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Feel like your leadership journey has stalled? Email ablesing@amandablesing.com to set up a 30 min one on one to learn more. Helping clients shift from feeling invisible to becoming invincible in just 12 months

When sexist comments make your blood boil ..... go postal!

Power of outrages for executive women.jpg
When did it become a zero sum game of being good at managing money or good at relationships? I’m pretty good at walking and chewing gum at the same time.

A funny thing happened on the way to Brisbane the other day.  I was sitting on the plane, when a man sat down next to me.  We exchanged details (him: financial columnist, me: executive coach for executive women).  The ensuing conversation (documented below), ended with me feeling frustrated, flabbergasted ..... and angry.

Oh no.  I'm "that angry woman"

The Angry Woman Stereotype

The stereotype of an angry woman is  ...... emotional, out of control, less logical and less credible. We all saw the way that Hillary Clinton was portrayed when she displayed anger.  It's a tough gig to remain credible as a woman when you are known for being angry.

What the Research Says

Researchers from Arizona State University and the University of Illinois at Chicago looked at the differences in the way we perceive angry men or women and highlighted the double standard.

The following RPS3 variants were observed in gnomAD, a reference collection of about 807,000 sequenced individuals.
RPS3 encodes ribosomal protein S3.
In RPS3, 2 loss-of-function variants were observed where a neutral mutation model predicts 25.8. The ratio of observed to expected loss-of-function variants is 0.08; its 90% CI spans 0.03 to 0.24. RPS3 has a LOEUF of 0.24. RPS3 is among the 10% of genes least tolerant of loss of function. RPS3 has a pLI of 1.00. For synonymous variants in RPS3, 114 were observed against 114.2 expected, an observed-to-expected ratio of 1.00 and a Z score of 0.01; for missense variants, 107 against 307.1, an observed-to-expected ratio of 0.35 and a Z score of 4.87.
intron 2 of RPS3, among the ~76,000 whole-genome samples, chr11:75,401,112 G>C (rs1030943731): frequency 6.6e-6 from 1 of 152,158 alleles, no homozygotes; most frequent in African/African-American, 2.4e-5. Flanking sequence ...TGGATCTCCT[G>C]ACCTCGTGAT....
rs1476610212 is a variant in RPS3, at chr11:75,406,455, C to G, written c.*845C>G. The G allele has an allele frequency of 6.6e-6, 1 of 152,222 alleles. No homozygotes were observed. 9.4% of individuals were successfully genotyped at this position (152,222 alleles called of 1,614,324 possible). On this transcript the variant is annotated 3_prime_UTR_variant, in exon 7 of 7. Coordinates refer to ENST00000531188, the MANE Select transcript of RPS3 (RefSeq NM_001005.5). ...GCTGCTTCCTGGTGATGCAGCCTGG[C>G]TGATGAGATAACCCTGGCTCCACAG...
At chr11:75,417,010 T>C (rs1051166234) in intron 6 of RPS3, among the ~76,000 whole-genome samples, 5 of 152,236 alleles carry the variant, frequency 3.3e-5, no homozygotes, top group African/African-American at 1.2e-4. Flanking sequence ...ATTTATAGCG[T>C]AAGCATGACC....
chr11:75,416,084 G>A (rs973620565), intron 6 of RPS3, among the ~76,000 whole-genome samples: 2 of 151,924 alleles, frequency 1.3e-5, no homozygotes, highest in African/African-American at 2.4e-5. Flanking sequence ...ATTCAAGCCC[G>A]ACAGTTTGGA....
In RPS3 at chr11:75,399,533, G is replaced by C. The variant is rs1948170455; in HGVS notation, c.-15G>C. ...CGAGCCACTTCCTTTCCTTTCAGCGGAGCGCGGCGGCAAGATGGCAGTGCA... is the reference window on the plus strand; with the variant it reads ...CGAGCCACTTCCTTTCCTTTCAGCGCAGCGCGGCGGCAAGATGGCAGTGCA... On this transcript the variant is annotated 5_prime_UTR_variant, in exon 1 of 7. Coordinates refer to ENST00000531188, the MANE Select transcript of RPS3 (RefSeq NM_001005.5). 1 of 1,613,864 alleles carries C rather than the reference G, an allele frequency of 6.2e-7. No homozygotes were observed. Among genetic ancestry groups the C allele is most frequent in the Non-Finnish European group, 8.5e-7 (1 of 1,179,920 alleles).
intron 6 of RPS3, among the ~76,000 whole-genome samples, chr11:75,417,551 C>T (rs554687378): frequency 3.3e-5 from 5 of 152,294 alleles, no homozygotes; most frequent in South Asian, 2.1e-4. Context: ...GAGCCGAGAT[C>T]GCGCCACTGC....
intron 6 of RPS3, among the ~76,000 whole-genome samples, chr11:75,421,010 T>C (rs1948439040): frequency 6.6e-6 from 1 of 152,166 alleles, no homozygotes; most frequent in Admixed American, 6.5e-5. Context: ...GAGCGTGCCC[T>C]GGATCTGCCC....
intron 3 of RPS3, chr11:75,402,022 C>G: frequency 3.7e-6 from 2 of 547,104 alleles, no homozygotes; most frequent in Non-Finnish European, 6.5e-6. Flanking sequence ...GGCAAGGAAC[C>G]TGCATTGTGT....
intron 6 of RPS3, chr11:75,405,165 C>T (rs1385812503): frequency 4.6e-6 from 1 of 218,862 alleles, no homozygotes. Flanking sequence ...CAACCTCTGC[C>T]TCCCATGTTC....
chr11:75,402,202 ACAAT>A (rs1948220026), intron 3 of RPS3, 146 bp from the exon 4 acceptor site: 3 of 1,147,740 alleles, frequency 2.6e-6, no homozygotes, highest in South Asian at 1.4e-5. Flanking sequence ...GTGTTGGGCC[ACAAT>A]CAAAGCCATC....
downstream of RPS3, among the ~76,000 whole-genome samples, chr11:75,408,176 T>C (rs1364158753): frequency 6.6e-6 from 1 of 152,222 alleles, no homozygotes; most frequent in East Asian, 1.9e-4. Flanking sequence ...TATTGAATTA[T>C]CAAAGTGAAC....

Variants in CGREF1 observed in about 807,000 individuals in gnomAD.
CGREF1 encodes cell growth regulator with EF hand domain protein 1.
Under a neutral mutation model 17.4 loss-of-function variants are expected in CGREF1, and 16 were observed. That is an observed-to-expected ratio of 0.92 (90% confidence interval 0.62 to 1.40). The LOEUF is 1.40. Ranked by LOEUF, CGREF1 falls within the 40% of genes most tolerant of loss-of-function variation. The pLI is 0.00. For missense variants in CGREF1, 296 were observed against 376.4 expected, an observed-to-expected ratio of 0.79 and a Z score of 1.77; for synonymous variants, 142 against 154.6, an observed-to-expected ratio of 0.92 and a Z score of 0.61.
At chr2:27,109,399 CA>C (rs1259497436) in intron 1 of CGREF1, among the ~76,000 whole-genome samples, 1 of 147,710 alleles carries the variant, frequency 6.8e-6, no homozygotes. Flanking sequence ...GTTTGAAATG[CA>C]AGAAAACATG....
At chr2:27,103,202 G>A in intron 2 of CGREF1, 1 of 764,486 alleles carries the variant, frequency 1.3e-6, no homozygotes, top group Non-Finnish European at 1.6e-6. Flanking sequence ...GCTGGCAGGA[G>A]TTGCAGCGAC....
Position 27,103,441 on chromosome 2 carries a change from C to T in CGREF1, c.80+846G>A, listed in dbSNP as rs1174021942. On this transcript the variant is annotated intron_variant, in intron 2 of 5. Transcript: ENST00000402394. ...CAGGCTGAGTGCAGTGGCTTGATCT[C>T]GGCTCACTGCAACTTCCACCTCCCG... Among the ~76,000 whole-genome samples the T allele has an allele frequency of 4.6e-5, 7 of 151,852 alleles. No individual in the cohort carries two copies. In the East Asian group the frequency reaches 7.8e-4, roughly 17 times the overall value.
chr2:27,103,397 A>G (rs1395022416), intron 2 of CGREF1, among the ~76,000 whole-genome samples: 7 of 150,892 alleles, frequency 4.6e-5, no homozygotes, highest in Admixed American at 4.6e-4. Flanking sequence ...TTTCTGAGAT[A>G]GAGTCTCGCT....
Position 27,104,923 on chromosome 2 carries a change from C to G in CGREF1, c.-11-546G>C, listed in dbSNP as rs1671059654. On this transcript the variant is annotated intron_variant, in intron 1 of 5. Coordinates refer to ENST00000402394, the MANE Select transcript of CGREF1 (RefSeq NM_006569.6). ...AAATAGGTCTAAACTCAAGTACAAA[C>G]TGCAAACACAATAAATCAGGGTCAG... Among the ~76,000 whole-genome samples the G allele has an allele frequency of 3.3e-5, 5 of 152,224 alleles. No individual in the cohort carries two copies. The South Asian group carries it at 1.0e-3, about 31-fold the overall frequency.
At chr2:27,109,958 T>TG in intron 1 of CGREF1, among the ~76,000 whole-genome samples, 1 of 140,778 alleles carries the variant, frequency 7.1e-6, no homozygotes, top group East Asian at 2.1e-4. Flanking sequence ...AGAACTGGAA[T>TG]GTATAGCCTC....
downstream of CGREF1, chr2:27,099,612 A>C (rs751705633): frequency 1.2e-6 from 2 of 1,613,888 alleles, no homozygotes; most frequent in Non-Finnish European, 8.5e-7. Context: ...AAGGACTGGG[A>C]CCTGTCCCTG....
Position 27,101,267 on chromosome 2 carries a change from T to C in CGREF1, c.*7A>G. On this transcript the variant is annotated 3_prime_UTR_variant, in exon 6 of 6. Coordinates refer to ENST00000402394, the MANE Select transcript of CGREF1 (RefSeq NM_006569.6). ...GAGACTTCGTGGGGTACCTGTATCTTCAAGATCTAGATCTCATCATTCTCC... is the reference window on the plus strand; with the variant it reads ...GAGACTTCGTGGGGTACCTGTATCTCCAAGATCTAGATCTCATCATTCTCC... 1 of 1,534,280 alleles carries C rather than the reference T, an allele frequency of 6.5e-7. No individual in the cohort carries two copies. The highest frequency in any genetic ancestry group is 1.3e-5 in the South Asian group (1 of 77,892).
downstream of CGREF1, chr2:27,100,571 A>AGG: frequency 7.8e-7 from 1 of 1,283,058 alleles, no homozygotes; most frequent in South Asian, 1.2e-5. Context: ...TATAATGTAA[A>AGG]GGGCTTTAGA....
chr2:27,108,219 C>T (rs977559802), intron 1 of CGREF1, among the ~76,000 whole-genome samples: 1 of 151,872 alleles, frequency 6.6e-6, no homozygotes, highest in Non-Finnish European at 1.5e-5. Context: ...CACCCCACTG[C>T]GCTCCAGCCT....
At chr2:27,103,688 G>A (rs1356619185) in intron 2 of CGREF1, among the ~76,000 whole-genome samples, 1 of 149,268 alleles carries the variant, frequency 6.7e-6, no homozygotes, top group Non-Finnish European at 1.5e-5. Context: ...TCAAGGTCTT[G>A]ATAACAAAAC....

They found that "women's anger worked against them, while men's anger served as a "powerful" tool of persuasion. When the holdout was a male who expressed anger, participants significantly doubted their own opinion, even when they were in the majority. But if the holdout was a woman who expressed anger, she actually had less influence over participants -so much so that it was the only scenario in the study in which participants became more confident in their own opinion that opposed that of the woman."

The alternatives for women are pretty limited - grace and poise under pressure still come to mind.

Then that's it. Nada.

Going Postal

So what recourse did I have? How could I do something, express my outrage yet stay credible? 

So I created a (semi) viral LinkedIn Post. I call it "going postal". 

  • Going Postal - normally refers to out of control anger. Definitely a career limiting move (CLM) for leading women and men.
  • "going postal" (note lower case and yes this is my new definition) - creating a LinkedIn viral Post to drive awareness and change. 

Jane Anderson, Influencer and blogging expert, in a recent blog talks about staying above the line.  

  • Below the line = criticising, negative, using fear.  
  • Above the line =. drawing attention and proposing a positive solution
    So my definition of "going postal" also includes an element of positivity.

So what got my dander up? 

Read the blog below - then head over to LinkedIn and tag a financially savvy woman somewhere! 

The above the line action? After a week, I'll be emailing my flight buddy with a list of fabulously financially savvy women for him to refer to in his next column! 

Let's kick this stereotype to the curb (yet again).

Read on .... and be prepared to be flabbergasted  ...


I was shocked  by a sexist comment yesterday on a flight. “#Women simply can’t manage money as well as men”, he said. 

This wasn't just any sexist guy, it was  #Financial columnist for a well known publication 

“Women don’t care about money - they care more about people“ he went onto say.

WTF??? 🤯 

A total insult to most of the women in my circle of friends and colleagues if not all women everywhere! 

You’d think I was back in the 1950's   

I can't even excuse his age because my grandma (even older than he) was AWESOME at #financialmanagement.